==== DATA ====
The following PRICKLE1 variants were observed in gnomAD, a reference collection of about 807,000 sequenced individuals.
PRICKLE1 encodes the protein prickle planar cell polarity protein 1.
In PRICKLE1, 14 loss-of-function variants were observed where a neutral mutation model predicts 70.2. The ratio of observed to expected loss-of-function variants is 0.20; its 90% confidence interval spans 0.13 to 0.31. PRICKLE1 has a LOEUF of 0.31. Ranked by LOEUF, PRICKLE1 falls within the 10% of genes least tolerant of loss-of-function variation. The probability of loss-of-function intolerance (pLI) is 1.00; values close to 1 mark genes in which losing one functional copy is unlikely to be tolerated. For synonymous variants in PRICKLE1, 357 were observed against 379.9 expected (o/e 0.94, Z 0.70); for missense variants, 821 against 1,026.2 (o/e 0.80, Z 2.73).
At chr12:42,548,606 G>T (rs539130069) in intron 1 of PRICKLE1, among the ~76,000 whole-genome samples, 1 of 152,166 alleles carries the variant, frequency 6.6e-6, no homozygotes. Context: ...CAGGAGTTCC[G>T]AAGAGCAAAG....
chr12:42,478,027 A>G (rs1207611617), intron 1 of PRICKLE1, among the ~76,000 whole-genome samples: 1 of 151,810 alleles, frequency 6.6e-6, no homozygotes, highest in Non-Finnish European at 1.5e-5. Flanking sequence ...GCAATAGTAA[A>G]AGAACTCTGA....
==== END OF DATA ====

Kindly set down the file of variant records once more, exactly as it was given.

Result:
The following PRICKLE1 variants were observed in gnomAD, a reference collection of about 807,000 sequenced individuals.
PRICKLE1 encodes the protein prickle planar cell polarity protein 1.
In PRICKLE1, 14 loss-of-function variants were observed where a neutral mutation model predicts 70.2. The ratio of observed to expected loss-of-function variants is 0.20; its 90% confidence interval spans 0.13 to 0.31. PRICKLE1 has a LOEUF of 0.31. Ranked by LOEUF, PRICKLE1 falls within the 10% of genes least tolerant of loss-of-function variation. The probability of loss-of-function intolerance (pLI) is 1.00; values close to 1 mark genes in which losing one functional copy is unlikely to be tolerated. For synonymous variants in PRICKLE1, 357 were observed against 379.9 expected (o/e 0.94, Z 0.70); for missense variants, 821 against 1,026.2 (o/e 0.80, Z 2.73).
At chr12:42,548,606 G>T (rs539130069) in intron 1 of PRICKLE1, among the ~76,000 whole-genome samples, 1 of 152,166 alleles carries the variant, frequency 6.6e-6, no homozygotes. Context: ...CAGGAGTTCC[G>T]AAGAGCAAAG....
chr12:42,478,027 A>G (rs1207611617), intron 1 of PRICKLE1, among the ~76,000 whole-genome samples: 1 of 151,810 alleles, frequency 6.6e-6, no homozygotes, highest in Non-Finnish European at 1.5e-5. Flanking sequence ...GCAATAGTAA[A>G]AGAACTCTGA....